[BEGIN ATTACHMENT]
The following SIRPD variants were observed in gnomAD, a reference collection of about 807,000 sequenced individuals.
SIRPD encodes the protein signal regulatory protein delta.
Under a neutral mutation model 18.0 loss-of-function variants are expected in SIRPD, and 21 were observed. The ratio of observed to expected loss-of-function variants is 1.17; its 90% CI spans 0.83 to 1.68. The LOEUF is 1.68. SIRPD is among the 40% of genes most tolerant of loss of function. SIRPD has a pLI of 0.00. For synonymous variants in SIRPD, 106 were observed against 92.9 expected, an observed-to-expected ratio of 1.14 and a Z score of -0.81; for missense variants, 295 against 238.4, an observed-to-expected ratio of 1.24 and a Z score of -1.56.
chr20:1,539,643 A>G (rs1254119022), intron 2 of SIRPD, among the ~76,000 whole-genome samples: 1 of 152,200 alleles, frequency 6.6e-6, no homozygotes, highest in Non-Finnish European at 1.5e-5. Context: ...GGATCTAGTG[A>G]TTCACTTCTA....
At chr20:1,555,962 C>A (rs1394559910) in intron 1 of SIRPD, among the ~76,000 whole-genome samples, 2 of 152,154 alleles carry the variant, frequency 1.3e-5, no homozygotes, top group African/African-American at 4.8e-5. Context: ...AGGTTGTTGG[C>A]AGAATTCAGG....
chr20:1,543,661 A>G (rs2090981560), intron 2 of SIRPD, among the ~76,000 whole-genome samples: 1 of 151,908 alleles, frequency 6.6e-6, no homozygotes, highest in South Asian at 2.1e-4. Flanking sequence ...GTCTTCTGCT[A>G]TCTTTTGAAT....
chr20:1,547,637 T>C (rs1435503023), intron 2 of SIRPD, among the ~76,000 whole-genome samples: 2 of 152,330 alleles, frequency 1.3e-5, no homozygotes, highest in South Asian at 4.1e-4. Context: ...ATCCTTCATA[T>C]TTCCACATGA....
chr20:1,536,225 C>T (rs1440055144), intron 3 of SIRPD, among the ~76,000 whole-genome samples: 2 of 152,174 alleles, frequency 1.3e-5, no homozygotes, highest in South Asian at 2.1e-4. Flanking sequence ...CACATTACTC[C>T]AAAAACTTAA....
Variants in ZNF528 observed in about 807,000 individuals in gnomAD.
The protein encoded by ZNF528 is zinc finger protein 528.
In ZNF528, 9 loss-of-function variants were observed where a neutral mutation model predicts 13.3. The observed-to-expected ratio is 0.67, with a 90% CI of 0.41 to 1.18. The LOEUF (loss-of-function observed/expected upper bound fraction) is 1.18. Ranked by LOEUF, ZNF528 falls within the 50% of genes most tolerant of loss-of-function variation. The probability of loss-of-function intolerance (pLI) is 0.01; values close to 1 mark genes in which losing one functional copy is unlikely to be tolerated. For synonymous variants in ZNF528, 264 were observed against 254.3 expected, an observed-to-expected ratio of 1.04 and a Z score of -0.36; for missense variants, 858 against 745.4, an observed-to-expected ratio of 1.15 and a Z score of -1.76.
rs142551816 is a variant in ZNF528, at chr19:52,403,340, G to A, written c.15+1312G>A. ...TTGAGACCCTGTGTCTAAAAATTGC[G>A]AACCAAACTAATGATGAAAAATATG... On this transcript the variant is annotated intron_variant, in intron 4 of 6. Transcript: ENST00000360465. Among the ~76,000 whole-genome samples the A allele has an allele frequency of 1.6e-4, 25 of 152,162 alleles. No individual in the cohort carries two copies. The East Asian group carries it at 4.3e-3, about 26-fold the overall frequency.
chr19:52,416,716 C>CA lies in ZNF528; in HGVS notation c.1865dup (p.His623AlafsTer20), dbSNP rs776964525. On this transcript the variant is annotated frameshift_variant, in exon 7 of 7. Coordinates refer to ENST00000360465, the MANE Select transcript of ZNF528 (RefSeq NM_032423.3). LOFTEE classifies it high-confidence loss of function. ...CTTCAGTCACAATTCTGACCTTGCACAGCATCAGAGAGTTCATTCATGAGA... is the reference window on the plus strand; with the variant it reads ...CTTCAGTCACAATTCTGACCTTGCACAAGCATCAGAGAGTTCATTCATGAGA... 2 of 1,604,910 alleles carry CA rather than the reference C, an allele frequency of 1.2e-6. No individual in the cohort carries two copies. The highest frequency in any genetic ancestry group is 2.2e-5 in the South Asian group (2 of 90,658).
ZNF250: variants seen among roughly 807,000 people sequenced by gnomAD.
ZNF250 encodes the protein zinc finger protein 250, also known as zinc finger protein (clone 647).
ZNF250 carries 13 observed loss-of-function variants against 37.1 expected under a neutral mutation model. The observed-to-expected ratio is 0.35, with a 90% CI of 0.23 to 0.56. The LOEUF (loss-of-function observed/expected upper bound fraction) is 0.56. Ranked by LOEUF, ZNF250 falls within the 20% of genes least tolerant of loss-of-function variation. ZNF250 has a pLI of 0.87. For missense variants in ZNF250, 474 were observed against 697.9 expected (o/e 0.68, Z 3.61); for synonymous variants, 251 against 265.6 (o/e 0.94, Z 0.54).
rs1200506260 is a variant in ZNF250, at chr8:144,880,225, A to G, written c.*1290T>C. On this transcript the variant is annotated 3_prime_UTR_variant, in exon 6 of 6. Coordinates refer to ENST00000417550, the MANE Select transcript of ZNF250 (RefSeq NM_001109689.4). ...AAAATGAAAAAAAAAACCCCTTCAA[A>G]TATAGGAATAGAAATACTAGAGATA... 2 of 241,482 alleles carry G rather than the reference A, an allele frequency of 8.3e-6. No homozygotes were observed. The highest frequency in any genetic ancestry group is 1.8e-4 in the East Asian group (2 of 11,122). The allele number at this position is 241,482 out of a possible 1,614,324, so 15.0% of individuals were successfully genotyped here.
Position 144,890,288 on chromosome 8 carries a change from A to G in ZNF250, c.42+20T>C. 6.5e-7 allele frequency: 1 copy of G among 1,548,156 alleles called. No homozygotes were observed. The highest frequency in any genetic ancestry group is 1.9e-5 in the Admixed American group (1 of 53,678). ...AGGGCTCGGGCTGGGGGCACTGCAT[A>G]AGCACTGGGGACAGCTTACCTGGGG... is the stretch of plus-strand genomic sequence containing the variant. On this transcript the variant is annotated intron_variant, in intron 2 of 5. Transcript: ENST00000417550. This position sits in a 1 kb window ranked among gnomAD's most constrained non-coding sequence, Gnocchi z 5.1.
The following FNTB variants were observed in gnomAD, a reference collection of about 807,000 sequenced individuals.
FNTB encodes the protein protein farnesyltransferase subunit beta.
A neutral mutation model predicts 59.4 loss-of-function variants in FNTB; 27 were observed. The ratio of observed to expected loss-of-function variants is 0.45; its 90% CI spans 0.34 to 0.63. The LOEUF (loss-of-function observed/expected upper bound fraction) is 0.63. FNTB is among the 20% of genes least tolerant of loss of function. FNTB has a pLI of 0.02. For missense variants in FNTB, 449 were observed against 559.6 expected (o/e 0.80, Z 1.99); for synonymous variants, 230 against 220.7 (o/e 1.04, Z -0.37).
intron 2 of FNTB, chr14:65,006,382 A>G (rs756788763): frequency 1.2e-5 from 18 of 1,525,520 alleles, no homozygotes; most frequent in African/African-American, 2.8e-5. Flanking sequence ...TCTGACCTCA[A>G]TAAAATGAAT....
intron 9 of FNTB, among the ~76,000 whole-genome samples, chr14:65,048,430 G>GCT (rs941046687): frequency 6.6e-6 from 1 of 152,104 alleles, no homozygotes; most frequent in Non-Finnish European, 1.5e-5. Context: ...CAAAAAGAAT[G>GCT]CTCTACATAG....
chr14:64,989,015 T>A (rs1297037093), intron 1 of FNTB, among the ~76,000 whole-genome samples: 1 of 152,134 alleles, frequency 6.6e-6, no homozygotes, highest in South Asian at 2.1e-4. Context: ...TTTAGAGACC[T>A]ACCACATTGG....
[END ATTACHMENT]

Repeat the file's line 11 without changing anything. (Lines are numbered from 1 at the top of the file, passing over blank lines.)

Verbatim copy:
In ZNF528, 9 loss-of-function variants were observed where a neutral mutation model predicts 13.3. The observed-to-expected ratio is 0.67, with a 90% CI of 0.41 to 1.18. The LOEUF (loss-of-function observed/expected upper bound fraction) is 1.18. Ranked by LOEUF, ZNF528 falls within the 50% of genes most tolerant of loss-of-function variation. The probability of loss-of-function intolerance (pLI) is 0.01; values close to 1 mark genes in which losing one functional copy is unlikely to be tolerated. For synonymous variants in ZNF528, 264 were observed against 254.3 expected, an observed-to-expected ratio of 1.04 and a Z score of -0.36; for missense variants, 858 against 745.4, an observed-to-expected ratio of 1.15 and a Z score of -1.76.